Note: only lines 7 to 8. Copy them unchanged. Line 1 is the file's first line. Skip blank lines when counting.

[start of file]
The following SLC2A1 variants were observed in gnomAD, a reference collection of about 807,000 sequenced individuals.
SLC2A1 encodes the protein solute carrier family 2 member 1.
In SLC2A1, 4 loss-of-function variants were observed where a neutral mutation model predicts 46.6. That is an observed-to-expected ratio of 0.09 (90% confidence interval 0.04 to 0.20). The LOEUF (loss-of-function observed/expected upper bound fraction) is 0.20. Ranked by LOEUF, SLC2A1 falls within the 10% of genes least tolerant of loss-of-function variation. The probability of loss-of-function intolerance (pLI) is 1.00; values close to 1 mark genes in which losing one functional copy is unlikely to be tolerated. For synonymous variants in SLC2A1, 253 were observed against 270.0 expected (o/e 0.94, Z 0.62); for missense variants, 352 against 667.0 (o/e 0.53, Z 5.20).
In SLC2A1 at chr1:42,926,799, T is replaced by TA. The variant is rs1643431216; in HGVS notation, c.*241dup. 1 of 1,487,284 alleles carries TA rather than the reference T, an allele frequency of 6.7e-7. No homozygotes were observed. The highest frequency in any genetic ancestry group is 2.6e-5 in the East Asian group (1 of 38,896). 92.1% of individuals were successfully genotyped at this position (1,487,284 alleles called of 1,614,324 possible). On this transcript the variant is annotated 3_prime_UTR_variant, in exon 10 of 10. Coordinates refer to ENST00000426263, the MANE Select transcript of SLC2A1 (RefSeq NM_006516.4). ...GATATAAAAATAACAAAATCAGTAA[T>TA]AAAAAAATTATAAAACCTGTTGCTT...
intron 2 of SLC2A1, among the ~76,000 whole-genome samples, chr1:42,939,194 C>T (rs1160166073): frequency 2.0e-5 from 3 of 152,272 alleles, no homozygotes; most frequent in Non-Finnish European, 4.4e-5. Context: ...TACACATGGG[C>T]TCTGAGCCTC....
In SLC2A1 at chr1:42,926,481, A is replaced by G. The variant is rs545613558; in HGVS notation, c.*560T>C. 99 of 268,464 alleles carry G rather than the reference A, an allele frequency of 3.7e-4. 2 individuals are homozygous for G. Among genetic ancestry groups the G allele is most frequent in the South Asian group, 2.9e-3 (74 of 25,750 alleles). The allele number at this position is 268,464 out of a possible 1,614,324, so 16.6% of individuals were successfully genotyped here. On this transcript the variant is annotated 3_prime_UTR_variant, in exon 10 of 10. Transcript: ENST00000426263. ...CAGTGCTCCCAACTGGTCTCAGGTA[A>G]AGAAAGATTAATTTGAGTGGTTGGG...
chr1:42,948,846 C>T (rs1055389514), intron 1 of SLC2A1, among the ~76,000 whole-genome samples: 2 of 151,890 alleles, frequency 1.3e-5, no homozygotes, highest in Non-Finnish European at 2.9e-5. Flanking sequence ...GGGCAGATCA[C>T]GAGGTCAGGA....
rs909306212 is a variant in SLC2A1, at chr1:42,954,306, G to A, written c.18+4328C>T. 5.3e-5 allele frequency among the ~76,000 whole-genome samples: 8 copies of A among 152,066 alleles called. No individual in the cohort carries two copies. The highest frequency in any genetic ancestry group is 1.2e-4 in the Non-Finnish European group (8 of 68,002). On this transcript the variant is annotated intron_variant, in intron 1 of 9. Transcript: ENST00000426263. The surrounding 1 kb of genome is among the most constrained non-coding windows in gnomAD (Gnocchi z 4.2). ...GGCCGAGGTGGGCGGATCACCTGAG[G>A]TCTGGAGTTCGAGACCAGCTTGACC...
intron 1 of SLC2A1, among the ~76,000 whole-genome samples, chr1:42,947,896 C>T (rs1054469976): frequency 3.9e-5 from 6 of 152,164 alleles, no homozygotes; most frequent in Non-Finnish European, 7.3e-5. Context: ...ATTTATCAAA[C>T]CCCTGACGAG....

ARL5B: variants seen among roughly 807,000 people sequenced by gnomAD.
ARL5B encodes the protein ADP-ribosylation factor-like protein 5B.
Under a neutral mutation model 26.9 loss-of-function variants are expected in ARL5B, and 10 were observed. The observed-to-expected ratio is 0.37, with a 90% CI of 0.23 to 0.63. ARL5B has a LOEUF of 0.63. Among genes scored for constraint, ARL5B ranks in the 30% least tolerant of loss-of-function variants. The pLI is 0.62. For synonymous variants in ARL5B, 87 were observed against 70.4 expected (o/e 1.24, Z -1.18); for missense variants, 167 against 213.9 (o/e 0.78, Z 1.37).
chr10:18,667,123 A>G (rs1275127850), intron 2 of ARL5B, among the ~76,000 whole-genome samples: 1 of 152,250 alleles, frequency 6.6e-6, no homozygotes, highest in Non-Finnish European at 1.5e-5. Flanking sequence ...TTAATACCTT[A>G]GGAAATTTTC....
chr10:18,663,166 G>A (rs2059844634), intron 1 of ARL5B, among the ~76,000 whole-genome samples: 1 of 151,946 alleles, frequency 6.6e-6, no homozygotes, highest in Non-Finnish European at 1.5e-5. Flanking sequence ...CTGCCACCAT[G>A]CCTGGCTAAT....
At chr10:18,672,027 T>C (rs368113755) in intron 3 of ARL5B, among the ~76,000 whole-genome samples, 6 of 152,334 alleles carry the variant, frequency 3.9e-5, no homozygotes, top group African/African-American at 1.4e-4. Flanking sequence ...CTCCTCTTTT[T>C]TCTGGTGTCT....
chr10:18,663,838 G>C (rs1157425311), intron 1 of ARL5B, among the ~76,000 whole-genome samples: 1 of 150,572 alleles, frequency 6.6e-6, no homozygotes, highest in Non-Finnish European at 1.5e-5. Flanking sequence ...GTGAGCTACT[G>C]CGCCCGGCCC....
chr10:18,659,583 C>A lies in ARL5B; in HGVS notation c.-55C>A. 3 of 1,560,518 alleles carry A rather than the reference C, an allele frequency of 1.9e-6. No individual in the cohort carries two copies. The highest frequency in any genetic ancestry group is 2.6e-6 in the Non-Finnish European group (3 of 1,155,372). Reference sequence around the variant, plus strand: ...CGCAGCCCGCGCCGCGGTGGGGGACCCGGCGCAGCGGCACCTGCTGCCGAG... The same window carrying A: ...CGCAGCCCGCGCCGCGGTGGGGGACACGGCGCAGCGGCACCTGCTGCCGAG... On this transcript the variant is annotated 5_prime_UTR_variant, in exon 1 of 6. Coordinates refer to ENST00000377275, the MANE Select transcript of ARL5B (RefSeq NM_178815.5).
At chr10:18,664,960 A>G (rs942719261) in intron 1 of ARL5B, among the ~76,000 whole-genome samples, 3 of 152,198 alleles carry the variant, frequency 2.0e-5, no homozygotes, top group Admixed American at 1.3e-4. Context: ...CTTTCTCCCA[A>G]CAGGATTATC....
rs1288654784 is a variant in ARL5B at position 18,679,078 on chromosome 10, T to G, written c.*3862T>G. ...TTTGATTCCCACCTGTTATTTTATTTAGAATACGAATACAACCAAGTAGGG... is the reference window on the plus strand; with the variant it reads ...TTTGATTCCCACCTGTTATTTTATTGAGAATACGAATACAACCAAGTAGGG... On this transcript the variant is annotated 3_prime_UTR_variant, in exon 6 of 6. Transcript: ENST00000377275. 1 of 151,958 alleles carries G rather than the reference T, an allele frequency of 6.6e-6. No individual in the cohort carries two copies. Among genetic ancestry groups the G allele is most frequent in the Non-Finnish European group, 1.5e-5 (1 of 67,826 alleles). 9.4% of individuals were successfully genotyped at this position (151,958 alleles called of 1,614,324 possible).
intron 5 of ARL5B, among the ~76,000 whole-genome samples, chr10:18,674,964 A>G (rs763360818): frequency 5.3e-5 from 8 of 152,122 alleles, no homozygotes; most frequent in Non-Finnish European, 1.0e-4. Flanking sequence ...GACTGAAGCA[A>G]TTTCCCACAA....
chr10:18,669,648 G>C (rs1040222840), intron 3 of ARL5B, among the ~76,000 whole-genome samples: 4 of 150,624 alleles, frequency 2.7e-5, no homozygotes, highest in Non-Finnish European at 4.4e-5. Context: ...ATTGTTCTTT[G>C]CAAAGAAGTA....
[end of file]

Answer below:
chr1:42,948,846 C>T (rs1055389514), intron 1 of SLC2A1, among the ~76,000 whole-genome samples: 2 of 151,890 alleles, frequency 1.3e-5, no homozygotes, highest in Non-Finnish European at 2.9e-5. Flanking sequence ...GGGCAGATCA[C>T]GAGGTCAGGA....
rs909306212 is a variant in SLC2A1, at chr1:42,954,306, G to A, written c.18+4328C>T. 5.3e-5 allele frequency among the ~76,000 whole-genome samples: 8 copies of A among 152,066 alleles called. No individual in the cohort carries two copies. The highest frequency in any genetic ancestry group is 1.2e-4 in the Non-Finnish European group (8 of 68,002). On this transcript the variant is annotated intron_variant, in intron 1 of 9. Transcript: ENST00000426263. The surrounding 1 kb of genome is among the most constrained non-coding windows in gnomAD (Gnocchi z 4.2). ...GGCCGAGGTGGGCGGATCACCTGAG[G>A]TCTGGAGTTCGAGACCAGCTTGACC...